“It is an easy thing now to dispose of the idle question of simple repeal. In truth, there was nothing whatever deserving of attention in the point raised by Mr. Flood. The security for the continuance of Irish freedom did not depend upon an English act of parliament. It was by Irish will and not at English pleasure that the new constitution was to be supported. The transaction between the countries was of a high political nature, and it was to be judged by political reason, and by statesmanlike computation, and not by the petty technicalities of the court of law. The revolution of 1782, as carried by Ireland, and assented to by England (in repealing the 6th George the First), was a political compact—proposed by one country, and acknowledged by the other in the face of Europe; it was not (as Mr. Flood and his partisans construed the transaction) of the nature of municipal right, to be enforced or annulled by mere judicial exposition.”

This is unanswerable, but Grattan should have gone further. The Revolution was effected mainly by the Volunteers, whom he had inspired; arms could alone have preserved the constitution. Flood was wrong in setting value on one form—Grattan in relying on any; but both before and after ’82 Flood seems to have had glimpses that the question was one of might, as well as of right, and that national laws could not last under such an alien army.

Taken as military representatives, the Convention at the Rotunda was even more valuable than as a civic display. Mr. Madden censures Grattan for having been an elaborate neutral during these Reform dissensions; but that the result of such neutrality ruined the Convention proves a comparative want of power in Flood, who could have governed that Convention in spite of the rascally English and the feeble Irish Whigs. Oh, had Tone been in that council!

In describing Grattan’s early and enthusiastic and ceaseless advocacy of Catholic liberty, Mr. Madden has a just subject for unmixed eulogy. Let no one imagine that the interest of these Emancipation speeches has died with the achievement of what they pleaded for; they will ever remain divinest protests against the vice and impolicy of religious ascendency, of sectarian bitterness, and of bigot separation.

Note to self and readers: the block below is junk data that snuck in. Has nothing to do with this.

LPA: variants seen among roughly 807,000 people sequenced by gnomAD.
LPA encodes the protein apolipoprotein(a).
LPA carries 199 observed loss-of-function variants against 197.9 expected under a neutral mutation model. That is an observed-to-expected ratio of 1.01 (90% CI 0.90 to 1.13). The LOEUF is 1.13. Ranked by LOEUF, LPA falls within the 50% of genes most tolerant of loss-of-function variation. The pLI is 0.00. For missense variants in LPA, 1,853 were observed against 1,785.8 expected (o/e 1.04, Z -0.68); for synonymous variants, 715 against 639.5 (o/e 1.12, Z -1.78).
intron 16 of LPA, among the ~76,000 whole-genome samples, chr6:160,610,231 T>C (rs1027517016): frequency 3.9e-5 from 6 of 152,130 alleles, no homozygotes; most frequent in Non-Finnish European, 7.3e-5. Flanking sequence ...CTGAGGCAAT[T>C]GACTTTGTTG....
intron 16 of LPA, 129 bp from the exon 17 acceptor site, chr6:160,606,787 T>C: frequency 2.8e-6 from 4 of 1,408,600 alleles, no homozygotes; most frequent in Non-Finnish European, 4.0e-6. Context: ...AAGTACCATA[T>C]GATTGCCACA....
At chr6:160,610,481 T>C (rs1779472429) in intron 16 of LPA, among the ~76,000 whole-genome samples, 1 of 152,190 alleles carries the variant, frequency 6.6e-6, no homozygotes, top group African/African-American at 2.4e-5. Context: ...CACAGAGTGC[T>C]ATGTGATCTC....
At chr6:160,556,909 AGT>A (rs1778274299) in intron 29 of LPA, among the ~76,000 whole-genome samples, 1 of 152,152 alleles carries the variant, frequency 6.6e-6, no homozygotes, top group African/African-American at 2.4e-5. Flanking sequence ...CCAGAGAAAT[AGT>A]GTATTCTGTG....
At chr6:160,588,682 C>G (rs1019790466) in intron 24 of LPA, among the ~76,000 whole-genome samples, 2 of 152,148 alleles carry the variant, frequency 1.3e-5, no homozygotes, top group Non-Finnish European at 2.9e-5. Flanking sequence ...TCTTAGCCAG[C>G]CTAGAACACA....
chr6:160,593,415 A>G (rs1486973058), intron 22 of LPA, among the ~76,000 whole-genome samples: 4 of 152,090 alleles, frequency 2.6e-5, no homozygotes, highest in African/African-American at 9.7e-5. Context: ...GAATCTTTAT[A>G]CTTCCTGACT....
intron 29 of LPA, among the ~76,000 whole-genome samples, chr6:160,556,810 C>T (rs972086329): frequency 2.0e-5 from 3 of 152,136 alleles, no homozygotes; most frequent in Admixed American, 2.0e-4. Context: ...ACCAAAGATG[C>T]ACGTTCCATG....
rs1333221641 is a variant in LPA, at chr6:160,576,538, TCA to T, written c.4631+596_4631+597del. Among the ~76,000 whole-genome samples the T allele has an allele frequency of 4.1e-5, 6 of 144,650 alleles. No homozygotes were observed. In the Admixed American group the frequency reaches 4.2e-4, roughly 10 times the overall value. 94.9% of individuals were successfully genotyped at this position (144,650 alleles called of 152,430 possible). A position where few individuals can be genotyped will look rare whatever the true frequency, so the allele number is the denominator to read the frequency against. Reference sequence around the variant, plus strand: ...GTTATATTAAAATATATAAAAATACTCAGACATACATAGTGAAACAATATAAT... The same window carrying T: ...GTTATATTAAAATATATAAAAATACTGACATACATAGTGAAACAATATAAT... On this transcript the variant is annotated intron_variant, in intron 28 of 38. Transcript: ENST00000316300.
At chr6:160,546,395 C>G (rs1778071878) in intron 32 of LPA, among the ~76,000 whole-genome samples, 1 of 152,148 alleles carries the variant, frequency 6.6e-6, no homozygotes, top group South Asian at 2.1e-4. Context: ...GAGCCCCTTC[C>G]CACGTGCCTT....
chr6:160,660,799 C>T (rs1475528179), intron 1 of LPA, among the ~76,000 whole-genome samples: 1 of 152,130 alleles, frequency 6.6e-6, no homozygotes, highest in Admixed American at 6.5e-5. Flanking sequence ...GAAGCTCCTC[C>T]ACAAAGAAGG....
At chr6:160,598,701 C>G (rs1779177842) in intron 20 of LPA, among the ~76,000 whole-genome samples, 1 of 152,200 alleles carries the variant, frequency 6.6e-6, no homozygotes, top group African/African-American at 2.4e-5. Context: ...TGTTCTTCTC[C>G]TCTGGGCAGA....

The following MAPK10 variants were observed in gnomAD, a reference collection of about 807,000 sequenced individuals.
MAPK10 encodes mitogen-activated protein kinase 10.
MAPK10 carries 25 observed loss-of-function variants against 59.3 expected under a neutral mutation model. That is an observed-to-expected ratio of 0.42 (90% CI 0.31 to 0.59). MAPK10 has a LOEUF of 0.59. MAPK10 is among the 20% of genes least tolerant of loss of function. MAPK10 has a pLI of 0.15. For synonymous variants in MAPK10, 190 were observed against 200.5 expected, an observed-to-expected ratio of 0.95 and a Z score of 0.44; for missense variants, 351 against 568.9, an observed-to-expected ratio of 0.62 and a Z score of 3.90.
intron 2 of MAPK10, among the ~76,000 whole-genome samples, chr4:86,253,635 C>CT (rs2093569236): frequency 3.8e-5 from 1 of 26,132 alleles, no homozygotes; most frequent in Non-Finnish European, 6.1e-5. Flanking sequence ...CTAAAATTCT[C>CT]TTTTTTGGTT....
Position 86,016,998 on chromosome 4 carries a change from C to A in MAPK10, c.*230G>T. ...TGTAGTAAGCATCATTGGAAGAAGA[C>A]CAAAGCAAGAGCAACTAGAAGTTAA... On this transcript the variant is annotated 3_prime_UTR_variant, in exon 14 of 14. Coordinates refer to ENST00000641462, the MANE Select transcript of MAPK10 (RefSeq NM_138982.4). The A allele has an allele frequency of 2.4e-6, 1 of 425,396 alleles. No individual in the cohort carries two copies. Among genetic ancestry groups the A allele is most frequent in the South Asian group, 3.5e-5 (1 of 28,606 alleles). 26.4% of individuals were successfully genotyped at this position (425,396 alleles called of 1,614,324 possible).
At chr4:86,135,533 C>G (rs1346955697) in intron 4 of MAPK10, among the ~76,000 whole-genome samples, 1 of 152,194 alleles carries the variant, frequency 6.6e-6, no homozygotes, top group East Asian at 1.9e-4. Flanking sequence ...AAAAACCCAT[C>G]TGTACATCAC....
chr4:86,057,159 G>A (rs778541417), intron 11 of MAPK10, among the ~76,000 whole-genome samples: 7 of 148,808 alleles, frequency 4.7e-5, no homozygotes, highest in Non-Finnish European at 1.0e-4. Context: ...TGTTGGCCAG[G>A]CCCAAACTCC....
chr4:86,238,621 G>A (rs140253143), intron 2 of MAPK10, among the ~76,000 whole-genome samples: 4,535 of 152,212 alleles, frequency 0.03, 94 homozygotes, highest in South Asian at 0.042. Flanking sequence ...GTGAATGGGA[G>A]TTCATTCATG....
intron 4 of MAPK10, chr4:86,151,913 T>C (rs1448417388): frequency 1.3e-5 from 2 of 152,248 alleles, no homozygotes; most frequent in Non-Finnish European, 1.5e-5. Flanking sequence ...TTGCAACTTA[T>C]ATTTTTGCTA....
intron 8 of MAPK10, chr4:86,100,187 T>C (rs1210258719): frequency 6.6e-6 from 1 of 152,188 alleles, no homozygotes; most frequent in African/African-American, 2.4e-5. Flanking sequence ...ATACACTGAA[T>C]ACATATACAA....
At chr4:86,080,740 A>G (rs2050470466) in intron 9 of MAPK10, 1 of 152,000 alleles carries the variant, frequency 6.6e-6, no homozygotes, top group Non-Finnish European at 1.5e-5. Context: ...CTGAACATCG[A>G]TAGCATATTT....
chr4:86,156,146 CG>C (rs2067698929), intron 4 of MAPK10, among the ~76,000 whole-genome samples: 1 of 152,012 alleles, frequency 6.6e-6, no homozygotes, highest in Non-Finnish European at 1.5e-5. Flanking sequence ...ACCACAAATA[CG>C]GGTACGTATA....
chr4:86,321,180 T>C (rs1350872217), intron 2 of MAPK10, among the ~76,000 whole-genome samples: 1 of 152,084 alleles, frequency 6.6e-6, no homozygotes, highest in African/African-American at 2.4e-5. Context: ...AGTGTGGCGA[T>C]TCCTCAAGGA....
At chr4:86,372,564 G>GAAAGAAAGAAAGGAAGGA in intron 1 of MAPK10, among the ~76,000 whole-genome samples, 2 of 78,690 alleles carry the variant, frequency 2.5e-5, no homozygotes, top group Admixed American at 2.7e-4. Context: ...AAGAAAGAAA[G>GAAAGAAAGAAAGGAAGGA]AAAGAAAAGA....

For this admirable beginning of the design of giving Ireland its most glorious achievement—the speeches of its orators—to contemplate, the country should be grateful; but if there can be anything better for it to hear than can be had in Grattan’s speeches, it is such language as this from his eloquent editor:—

“Reader! if you be an Irish Protestant, and entertain harsh prejudices against your Catholic countrymen, study the works and life of Grattan—learn from him—for none can teach you better how to purify your nature from bigotry. Learn from him to look upon all your countrymen with a loving heart—to be tolerant of infirmities caused by their unhappy history—and, like Grattan, earnestly sympathise with all that is brave and generous in their character.

“Reader! if you be an Irish Catholic, and that you confound the Protestant religion with tyranny, learn from Grattan that it is possible to be a Protestant and have a heart for Ireland and its people. Think that the brightest age of Ireland was when Grattan—a steady Protestant—raised it to proud eminence; think also that in the hour of his triumph he did not forget the state of your oppressed fathers, but laboured through his virtuous life that both you and your children should enjoy unshackled liberty of conscience.

“But reader! whether you be Protestant or Catholic, or whatever be your party, you will do well as an Irishman to ponder upon the spirit and principles which governed the public and private life of Grattan. Learn from him how to regard your countrymen of all denominations. Observe, as he did, how very much that is excellent belongs to both the great parties into which Ireland is divided. If (as some do) you entertain dispiriting views of Ireland, recollect that any country containing such elements as those which roused the genius of Grattan never need despair. Sursum corda. Be not disheartened.

“Go—go—my countrymen—and, within your social sphere, carry into practice those moral principles which Grattan so eloquently taught, and which he so remarkably enforced by his well-spent life. He will teach you to avoid hating men on account of their religious professions or hereditary descent. From him you will learn principles which, if carried out, would generate a new state of society in Ireland.”